www.gpcg.org The GPCG Computer Security Self-Assessment Guideline and Checklist for General Practitioners 2nd edition January 2005
Contents 1Acknowledgements 2ONE Introduction 3 1.1 Why was this Guideline developed? 3 1.2 How was it developed? 3 1.3 How should you use this Guideline? 4TWO Computer Security Checklist 5THREE The 10-item IT Security Guidelines 6 A Organisational Issues 6 3.1 Practice computer security coordinator 6 3.2 Practice security policies and procedures manual 7 3.3 Access control 8 3.4 Disaster recovery plan 9 3.5 Consulting room and ‘front desk’ security 10 B Technical Issues 11 3.6 Back-ups 11 3.7 Viruses 12 3.8 Firewalls 13 3.9 Network maintenance 14 3.10 Secure electronic communication 15FOUR Conclusion 16FIVE Further Information 17SIX Appendices 18
Acknowledgements2 I wish to thank the following people and organisations for their contribution to the Computer Security Guideline and Checklist: The Australian Government Department of Health and Ageing; the General Practice Computing Group (especially its Privacy and Security Working Group); Ms Catherine Pleteshner (University of Melbourne); Ms Leslie Stanger and Dr Nathan Pinskier (Monash Division of General Practice); Dr Britt Klein and Professor Jeff Richards (Monash University); Ms Deanne Keetelaar (Medical Defence Association of Victoria); and numerous experts who were consulted (from general practice, government, the IT and medical software industry, medical professional organisations, and consumers). I acknowledge the work done by the RACGP, Frank Quinlan and the AMA, the GPCG, and Karen Young and Laurie Barrand from the Monash Division in developing earlier versions of this Guideline. A/Prof Peter Schattner Department of General Practice Monash University 867 Centre Road East Bentleigh VIC 3165 p: 03 8575 2222 f: 03 8575 2232 e: firstname.lastname@example.org
ONE Introduction 31.1 Why was this Guideline developed? There are two main reasons why data security in general practice is vital: to keep the business operations of a practice going and to maintain a health record system. The ﬁrst is critical for the practice (and the income of the GP), but not immediately threatening to patient health. The second, however, may lead to a loss of patient clinical information, making medical care more difﬁcult and prone to errors. To maintain electronic data in general practice requires some planning and only a small degree of technical knowledge. This Guideline has been designed with the practice, that is, its staff and GPs, in mind. It is not a technical manual, but should assist practices to put in place a series of computer security strategies. When reading this Guideline, bear in mind that it is only about computer security. That is, it refers to the following: ] the availability of data (one can get it when one wants to); ] the integrity of data (it is not degraded or lost); and ] accessibility of data (only authorised people can see conﬁdential data).1.2 How was it developed? The Security Guideline was developed by a number of experts who understand the needs of computer security in general practice and who know that if it were too complicated, it would not be useful. Nevertheless, it is difﬁcult to produce a Guideline which will suit all practices. Large practices have different computer systems to solo ones; practices vary in their possession of in-house computer skills; ‘paperless’ practices will have different needs to those who only use computers for patient billing; rural practitioners may have less opportunity for obtaining technical support; and divisions of general practice vary in their ability to provide GPs with information technology (IT) support. We have good reason to consider that this Guideline strikes the right balance between simplicity and detail.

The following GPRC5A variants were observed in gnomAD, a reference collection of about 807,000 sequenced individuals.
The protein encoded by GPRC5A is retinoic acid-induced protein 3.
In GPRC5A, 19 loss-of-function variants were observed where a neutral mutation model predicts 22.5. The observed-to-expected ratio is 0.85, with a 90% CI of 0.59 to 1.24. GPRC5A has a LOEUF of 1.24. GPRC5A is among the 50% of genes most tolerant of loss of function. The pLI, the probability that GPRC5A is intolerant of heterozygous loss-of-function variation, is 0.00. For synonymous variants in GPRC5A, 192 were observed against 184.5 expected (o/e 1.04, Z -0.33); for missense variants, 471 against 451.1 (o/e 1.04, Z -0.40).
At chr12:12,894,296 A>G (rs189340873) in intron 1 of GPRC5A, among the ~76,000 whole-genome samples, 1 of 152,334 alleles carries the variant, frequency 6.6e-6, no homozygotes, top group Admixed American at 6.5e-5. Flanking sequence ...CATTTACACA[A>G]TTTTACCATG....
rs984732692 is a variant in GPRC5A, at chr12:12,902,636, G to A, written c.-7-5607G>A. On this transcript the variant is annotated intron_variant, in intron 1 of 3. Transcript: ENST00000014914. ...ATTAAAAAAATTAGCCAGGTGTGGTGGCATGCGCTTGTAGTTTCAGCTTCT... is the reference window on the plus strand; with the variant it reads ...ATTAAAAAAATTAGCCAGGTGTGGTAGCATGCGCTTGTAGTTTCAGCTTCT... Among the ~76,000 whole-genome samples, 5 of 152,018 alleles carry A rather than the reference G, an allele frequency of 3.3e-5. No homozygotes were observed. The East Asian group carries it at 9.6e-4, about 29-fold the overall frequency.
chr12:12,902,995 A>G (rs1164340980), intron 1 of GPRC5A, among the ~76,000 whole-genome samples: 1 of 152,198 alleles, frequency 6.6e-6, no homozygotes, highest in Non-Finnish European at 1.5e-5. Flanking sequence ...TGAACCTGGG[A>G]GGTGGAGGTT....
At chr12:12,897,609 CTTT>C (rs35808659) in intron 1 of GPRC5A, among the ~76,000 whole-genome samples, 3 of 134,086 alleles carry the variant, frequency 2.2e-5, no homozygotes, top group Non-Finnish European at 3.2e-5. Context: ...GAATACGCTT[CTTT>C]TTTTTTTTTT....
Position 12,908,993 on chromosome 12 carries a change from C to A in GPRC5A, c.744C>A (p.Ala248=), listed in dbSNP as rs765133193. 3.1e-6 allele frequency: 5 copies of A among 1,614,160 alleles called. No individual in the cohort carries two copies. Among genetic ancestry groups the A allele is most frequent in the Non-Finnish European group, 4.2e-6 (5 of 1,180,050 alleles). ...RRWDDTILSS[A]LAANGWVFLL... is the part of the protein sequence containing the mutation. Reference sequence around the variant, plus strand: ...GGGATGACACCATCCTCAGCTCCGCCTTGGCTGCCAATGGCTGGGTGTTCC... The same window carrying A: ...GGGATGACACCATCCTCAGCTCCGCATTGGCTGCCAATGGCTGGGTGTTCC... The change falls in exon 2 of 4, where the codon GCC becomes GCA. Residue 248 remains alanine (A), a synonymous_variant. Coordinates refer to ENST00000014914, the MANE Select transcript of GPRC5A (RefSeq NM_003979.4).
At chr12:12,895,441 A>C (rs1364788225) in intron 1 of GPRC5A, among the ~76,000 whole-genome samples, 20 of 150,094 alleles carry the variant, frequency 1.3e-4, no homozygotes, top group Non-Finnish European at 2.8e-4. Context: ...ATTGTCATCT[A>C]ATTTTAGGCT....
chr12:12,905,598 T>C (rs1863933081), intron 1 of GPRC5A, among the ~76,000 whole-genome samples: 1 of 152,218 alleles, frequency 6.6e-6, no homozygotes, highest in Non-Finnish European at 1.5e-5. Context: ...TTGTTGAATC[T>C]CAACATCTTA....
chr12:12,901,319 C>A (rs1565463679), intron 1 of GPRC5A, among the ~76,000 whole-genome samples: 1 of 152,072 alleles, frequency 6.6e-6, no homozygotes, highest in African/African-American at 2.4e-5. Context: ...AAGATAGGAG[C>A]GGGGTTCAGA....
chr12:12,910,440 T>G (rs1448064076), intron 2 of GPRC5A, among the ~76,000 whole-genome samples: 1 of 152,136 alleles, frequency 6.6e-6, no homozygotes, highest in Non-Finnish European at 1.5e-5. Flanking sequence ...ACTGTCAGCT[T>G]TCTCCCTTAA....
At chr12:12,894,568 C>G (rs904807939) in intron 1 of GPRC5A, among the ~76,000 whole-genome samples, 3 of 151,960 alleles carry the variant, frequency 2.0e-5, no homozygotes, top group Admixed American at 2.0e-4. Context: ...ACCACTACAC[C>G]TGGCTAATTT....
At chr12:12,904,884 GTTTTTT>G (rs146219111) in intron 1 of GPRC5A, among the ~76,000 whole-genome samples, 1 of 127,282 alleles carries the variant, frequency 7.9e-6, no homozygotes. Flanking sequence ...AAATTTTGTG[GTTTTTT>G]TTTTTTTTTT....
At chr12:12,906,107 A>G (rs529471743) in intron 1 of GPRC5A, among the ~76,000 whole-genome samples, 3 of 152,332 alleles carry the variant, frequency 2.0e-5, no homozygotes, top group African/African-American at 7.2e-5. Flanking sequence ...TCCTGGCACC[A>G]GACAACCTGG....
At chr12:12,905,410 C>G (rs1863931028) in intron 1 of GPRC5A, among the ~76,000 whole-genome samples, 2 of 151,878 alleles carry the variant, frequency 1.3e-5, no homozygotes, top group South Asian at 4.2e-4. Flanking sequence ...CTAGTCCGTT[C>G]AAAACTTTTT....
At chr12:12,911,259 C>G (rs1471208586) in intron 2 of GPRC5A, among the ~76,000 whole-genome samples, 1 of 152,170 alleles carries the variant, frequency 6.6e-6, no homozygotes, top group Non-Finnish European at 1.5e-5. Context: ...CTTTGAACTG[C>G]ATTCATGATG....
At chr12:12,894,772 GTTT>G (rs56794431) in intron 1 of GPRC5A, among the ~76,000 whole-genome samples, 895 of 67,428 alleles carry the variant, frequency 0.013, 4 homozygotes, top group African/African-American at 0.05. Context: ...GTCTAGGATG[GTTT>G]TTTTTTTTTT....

4 1.3 How should you use this Guideline? There are three sections to this Guideline: (i) A Checklist which should easily help you to determine whether you have established reasonable computer security measures in your practice to counteract your IT security risk. (ii) The Guideline itself, with each IT risk category organised in the same way. We ask three questions to guide you through each item. These are: What does this risk category mean? This involves an explanation of what it is, and usually a simple technical explanation is given. Why is it important? Why should GPs spend time and money on the risk? What might happen if GPs ignore the recommendations? What should be done about it? What are the step-by-step processes which should be followed to manage the risk? (iii) A series of proformas which provide useful lists such as how to produce a disaster recovery plan. One of these proformas has been made into a template which you can download from the GPCG website (www.gpcg.org). By adding information relevant to your practice, you can incorporate this template into your practice’s policies and procedures manual.